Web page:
The defense was shredded to little pieces by a runaway train Ohio State team in the Fiesta Bowl. This is undeniable because SMQ watched most of it happen. He also watched it happen to Florida in the 1996/7 Fiesta Bowl, in much grislier fashion, and the Gators rebounded the following season to win the mythical title. He also watched it happen to Tennessee in the 1997/8 Orange Bowl, and the Volunteers rebounded the following season to win the mythical title. Obviously, this doesn't mean Notre Dame will accomplish the same feat against a potentially brutal schedule, but it does mean they're not automatically excluded because of the poor postseason showing against a team virtually no one - maybe even either of the two Rose Bowl participants - was going to beat at that point. Plus, very importantly, the defense is going to be better. Has to be better. The linebackers are a question, but SMQ is willing to go with the experience and underrated talent (according to dubious recruitniks) on the line and in the secondary, admitted cornerback warts and all. This includes especially pass rushing specialist Victor Abiamiri and safety/knockout artist Tom Zbikowski, whom - in light of what Phil Steele reveals as sub-4.4 speed, two return touchdowns, two interception touchdowns, an instant knockout in his first pro fight and a menacing Marine cut- SMQ dubs the scariest player in the nation. If it didn't alright belong to all-time Terror Team hall-of-famer Mitchell Friedman, Zbikowski would be a mere Chuck Cecil collision/felony battery or firearm charge from earning the "Fright Night" handle. Ambrose Wooden was a top ten CB recruit, took his youthful lumps, and now needs to start paying dividends as a junior. At the least, it could improve to roughly USC's production (361 yards, 22.8 points allowed per game), which was more than enough for the Trojans' offense to surpass without much trouble. Notre Dame's offense may not be 49 per game material - the running game is just OK as a keep-em-honest necessity, compared to USC's galloping thunder stallions - but it will be good enough to leave a lot of margin for error on the other side, as much room as any team in the country, probably, and still get out unscathed.
And Penn State, Michigan, Purdue and UCLA=all at South Bend. No guarantees in sight, but, per the typical deception of the "impossible" Irish slate, the schedule doesn't shape up as brutally as it might appear on first glance. Certainly no more than Ohio State's.
And the offense! Gang of four! Score, baby, score!
Rending ballots to shreds in regret? Of course you are. Of course you are. Of course you are. SMQ is always right...Charlie Weis...Charlie Weis...
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Tom Zbikowski is out to grind your bones
This pick involved copious amounts of brand name sugar-water concoctions, of SMQ's own rendering. This is the one that will have to be defended to the justifiable skeptics. This is much crazier than Notre Dame on top. The one guy who picked Cal No. 1 is teetering on the edge of a dark, dark abyss at the core of his sanity; SMQ knows, because he's an early adoptee into the cult and almost put the Bears up there his own self.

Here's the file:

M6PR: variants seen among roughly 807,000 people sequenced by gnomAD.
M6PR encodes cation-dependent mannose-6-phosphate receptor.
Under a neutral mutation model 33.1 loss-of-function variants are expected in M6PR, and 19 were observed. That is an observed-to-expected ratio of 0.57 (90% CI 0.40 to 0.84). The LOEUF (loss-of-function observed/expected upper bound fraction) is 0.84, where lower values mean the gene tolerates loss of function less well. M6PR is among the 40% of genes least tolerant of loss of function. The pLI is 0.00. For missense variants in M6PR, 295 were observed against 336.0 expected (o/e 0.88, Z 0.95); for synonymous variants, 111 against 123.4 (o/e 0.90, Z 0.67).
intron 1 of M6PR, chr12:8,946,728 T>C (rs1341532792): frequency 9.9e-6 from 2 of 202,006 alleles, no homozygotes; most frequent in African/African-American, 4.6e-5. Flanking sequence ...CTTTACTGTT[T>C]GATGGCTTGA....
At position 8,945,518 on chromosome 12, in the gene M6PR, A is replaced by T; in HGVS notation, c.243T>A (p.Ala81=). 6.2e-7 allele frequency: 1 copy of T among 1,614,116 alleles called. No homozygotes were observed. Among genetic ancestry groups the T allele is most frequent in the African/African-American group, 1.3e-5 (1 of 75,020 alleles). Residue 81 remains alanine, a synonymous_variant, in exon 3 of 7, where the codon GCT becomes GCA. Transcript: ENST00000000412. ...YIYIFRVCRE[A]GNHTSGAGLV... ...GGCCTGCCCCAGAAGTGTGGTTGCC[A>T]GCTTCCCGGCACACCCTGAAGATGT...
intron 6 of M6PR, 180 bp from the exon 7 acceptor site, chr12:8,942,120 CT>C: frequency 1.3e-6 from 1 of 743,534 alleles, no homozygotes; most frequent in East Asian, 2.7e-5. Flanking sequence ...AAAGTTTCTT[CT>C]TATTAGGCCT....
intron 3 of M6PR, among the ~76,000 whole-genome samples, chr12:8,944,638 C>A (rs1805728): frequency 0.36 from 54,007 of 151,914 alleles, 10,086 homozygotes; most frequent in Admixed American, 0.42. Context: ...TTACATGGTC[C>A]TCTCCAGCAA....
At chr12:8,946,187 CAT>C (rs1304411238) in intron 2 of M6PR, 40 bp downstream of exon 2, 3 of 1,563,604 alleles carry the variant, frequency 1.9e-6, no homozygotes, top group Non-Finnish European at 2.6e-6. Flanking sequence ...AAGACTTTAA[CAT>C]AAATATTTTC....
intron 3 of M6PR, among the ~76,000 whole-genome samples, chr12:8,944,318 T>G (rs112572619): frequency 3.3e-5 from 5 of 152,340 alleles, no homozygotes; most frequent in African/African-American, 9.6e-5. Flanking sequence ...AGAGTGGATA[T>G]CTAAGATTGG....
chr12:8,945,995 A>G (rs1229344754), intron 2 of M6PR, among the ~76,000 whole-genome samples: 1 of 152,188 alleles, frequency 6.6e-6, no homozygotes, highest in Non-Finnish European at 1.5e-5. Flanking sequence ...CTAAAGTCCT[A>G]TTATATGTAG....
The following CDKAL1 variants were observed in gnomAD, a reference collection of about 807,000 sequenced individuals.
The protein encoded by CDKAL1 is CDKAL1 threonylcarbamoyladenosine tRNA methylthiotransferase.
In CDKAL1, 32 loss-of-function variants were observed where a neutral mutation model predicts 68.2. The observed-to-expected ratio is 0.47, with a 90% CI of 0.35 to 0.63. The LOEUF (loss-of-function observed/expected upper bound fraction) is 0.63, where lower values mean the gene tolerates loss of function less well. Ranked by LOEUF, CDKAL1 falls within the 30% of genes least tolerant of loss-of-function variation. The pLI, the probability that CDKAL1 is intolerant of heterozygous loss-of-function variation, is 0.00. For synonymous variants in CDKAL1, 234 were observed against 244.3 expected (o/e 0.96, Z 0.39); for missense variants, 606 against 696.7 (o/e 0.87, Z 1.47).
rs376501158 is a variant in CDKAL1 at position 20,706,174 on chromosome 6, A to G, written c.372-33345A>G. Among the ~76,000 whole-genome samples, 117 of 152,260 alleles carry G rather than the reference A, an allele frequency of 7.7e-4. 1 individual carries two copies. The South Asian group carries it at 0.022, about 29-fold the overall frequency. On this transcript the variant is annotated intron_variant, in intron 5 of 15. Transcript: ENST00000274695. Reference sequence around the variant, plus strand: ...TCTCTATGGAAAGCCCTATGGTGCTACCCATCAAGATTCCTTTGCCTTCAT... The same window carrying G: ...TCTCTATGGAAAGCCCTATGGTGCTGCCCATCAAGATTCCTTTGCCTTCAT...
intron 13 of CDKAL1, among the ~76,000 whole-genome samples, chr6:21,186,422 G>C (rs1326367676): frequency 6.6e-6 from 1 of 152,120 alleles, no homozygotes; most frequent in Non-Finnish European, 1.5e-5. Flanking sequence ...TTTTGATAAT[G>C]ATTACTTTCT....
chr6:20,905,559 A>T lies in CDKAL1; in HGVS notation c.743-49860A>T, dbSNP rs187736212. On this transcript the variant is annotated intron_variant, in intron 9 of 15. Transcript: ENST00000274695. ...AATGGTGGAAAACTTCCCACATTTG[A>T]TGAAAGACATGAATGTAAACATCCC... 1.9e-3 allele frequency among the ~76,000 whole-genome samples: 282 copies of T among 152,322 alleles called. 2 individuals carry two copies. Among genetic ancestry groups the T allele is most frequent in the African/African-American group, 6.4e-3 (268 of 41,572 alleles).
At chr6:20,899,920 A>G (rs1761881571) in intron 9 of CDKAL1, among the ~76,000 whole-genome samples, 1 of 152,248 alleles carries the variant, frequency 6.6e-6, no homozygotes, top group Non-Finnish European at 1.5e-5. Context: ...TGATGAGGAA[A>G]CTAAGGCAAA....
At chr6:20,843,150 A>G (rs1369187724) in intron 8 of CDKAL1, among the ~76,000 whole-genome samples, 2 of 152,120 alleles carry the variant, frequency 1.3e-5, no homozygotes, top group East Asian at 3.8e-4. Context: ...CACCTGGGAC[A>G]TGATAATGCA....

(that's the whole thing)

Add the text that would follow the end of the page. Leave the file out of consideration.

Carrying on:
SMQ first got into Cal sometime in July, talked himself into their prospective mythical championship success based on their embodiment of many time-tested underdog characteristics, the unreal yards per carry averages of the talented and gentlemanly Marshawn Lynch and backup Justin Forsett, Jeff Tedford's stellar and nearly unblemished history of molding average passers into fearsome, overrated draft picks, the return of six of the front seven on defense, including a legitimate all-American (DT Brandon Mebane) to clog up the middle and a pair of senior corners with the chops to hang with the likes of Dwayne Jarrett and Steve Smith (Daymeion Hughes and Tim Mixon combined to pick off 8 passes and break up another 22 last year).
Mostly, though, this pick is made with the firm belief that no single program, no matter its dominance, can continue to rock everyone's world in the fashion USC has the last three and a half years. Not when they've lost all that USC's lost. Nebraska 1996. Florida State 2001. Miami 2002. Oklahoma last year. This is just the way of nature, what SMQ's NFL namesake would refer to as an "Immutable Law": 'dynasties' run their course in about three years, when a large number of core players depart at once.
Cal, for all the reasons above, is the main beneficiary of the law's ruthless application this fall to USC. Definitely, they are not as talented as the Trojans. But they are more experienced, and in key spots - running game, defensive line that relatively contained USC and Oregon in a rebuilding year and allowed 3.3 per carry over the season - they are mythical champion quality. The receivers are very solid, very, very fast DeSean Jackson perhaps a star-in-waiting and at least the necessary gamebreaker in a pinch. SMQ likes to think of last year's pre-injury starter, Nate Longshore, especially under Tedford's watch, as the next Matt Mauck, and also reminds skeptics that Mauck's team won part of a mythical title with one loss. The main difference being the Bears have ab opportunity to circumvent the subsequent futile bickering by ensuring the loss is not to USC.